Top Russian official warns of possible nuclear accident at Zaporizhzhia

nuclear accident

A top Russian official warned on Monday there was a risk of a nuclear accident at the Zaporizhzhia nuclear power plant, following renewed shelling over the weekend.

Russia and Ukraine have traded accusations over who is responsible for the shelling for months since Russian forces took control of it in March, shortly after invading Ukraine, according to US News.

On Sunday, the International Atomic Energy Agency (IAEA), which has experts based at Zaporizhzhia, reported more than a dozen blasts from apparent shelling, with damage to some buildings, systems and equipment, but “none so far critical for nuclear safety.”

The Zaporizhzhia nuclear power plant has six Soviet-designed VVER-1000 V-320 water-cooled and water-moderated reactors containing Uranium 235, which have a half-life of more than 700 million years.

On Sunday, the head of the UN nuclear watchdog, Rafael Grossi, made an urgent appeal for a stop to the fighting in and around Europe’s largest nuclear power plant.

“Explosions occurred at the site of this major nuclear power plant, which is completely unacceptable. Whoever is behind this, must stop immediately. As I have said many times before, you’re playing with fire!”

Russia’s response to the shelling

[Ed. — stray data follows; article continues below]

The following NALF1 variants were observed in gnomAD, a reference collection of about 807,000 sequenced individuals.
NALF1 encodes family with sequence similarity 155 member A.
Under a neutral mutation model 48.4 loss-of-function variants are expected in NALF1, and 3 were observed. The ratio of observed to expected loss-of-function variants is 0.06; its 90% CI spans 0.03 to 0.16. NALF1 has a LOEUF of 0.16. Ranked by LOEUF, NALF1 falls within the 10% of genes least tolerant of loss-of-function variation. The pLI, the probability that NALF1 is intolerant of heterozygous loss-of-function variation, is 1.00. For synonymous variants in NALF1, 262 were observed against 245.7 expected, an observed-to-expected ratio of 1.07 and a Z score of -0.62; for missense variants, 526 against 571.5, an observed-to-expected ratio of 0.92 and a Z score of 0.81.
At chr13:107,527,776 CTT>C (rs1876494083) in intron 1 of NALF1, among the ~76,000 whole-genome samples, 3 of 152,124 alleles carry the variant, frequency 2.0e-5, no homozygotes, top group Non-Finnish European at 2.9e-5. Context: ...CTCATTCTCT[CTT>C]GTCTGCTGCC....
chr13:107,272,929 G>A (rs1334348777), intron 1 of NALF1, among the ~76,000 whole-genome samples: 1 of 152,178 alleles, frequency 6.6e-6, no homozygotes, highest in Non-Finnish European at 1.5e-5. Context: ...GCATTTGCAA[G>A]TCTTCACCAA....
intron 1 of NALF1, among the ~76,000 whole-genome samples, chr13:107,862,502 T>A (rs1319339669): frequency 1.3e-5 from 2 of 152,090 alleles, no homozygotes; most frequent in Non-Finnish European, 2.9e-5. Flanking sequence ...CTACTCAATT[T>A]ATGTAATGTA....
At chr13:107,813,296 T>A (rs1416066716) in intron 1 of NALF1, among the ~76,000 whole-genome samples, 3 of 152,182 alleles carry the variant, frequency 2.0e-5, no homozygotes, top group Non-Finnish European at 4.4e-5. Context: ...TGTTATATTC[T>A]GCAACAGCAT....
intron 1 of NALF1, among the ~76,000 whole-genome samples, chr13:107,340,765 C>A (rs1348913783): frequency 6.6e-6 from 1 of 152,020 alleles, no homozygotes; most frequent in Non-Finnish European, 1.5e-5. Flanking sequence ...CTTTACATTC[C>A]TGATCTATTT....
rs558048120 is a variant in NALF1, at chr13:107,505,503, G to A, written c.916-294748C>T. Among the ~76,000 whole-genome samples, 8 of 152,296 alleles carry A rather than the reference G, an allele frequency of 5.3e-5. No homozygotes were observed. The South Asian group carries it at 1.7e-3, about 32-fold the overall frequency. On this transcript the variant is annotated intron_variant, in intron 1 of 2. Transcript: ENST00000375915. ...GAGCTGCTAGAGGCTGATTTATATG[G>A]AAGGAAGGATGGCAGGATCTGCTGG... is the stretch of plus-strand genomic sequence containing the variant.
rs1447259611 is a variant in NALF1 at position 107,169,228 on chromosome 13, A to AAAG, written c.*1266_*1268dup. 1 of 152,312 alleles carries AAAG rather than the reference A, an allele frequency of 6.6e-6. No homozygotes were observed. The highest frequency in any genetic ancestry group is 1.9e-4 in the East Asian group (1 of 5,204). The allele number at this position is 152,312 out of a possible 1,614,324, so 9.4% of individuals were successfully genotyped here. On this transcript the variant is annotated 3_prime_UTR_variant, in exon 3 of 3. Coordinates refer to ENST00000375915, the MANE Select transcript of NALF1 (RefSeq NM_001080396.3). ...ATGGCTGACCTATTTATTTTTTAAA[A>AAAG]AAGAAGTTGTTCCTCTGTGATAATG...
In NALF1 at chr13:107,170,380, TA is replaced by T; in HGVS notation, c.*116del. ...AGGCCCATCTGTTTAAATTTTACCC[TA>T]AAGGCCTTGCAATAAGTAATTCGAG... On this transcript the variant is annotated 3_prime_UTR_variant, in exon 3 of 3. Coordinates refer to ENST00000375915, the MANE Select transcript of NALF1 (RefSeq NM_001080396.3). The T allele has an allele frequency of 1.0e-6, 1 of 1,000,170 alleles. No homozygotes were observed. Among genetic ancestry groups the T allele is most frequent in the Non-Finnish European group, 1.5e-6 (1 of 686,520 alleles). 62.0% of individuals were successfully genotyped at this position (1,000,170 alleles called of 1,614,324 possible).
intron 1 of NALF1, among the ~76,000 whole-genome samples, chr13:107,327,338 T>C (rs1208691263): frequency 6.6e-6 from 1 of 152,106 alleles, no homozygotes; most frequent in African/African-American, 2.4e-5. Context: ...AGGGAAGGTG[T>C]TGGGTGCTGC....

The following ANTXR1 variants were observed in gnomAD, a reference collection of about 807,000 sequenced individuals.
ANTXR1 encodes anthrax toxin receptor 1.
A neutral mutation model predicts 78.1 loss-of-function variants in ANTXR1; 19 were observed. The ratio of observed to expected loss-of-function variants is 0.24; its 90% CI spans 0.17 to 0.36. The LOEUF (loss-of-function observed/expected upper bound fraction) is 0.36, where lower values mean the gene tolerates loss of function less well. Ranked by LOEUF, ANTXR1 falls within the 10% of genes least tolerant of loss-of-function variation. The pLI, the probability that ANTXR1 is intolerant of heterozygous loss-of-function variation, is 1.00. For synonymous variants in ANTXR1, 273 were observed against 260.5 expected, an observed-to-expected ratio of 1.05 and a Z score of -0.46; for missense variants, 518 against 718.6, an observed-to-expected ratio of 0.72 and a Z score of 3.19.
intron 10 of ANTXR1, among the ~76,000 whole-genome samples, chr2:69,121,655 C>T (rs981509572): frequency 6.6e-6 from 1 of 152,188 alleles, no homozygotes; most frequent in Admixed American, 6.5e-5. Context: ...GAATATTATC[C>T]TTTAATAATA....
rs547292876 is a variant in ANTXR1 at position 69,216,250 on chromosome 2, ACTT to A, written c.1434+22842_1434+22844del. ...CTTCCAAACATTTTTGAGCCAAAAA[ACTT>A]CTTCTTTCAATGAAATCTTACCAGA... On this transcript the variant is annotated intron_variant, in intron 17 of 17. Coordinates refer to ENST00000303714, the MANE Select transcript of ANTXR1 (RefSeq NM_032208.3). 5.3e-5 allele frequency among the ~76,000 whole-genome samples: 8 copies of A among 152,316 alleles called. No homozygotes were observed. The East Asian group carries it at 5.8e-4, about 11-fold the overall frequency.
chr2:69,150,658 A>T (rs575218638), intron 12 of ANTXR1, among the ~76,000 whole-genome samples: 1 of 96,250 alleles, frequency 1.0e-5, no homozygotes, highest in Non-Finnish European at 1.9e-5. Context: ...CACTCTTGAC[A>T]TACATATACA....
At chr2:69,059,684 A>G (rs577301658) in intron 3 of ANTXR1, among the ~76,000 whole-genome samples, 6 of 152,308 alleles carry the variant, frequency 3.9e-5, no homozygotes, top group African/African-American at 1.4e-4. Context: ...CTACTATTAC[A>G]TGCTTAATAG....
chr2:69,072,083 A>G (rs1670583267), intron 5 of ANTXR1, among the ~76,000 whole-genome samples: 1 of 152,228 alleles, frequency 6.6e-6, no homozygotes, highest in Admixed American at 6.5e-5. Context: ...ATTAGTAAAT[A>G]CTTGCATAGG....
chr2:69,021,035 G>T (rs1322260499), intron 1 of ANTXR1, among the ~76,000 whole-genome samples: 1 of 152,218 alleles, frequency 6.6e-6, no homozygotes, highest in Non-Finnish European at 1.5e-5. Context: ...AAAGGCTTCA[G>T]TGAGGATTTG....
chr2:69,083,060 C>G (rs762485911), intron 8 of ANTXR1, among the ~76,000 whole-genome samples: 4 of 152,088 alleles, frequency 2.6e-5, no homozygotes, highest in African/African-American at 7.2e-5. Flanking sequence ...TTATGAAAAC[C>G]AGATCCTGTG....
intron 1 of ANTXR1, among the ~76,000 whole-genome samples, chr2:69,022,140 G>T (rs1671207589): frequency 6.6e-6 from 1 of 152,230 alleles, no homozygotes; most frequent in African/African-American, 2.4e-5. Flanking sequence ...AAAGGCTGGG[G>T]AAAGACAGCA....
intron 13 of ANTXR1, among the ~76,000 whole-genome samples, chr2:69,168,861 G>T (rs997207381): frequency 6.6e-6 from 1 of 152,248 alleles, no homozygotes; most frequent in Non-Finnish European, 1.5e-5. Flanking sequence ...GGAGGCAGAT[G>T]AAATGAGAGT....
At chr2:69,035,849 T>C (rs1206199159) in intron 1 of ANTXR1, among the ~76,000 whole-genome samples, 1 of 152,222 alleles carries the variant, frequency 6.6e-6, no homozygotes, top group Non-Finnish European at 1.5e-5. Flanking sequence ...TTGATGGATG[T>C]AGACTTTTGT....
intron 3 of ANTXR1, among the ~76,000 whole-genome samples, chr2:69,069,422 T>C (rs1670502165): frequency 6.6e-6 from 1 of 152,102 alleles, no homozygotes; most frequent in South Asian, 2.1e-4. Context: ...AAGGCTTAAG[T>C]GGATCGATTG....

“The plant is at risk of a nuclear accident,” Alexei Likhachev, the director general of Russia’s Rosatom state nuclear corporation, was quoted as saying by Interfax, reports CTV News Canada.

“We were in negotiations with the International Atomic Energy Agency (IAEA) all night,” he said.

Even though the reactors are not operating, there is still a risk that nuclear fuel could overheat if the power that drives the cooling systems was to be cut. Shelling has repeatedly cut power lines.

“This cannot but cause our concern,” Kremlin spokesman Dmitry Peskov told reporters, referring to the shelling. “We call on all countries of the world to use their influence so that the Ukrainian armed forces stop doing this.”

But the “blame game” goes on, with Ukraine’s nuclear energy firm Energoatom saying the Russian military shelled the plant. It said there had been at least 12 hits on the facility on Sunday.

Russia’s defence ministry said Ukraine’s armed forces fired 11 large caliber shells at the plant on Saturday and 12 on Sunday morning, then two more at power lines.

Which story is true?

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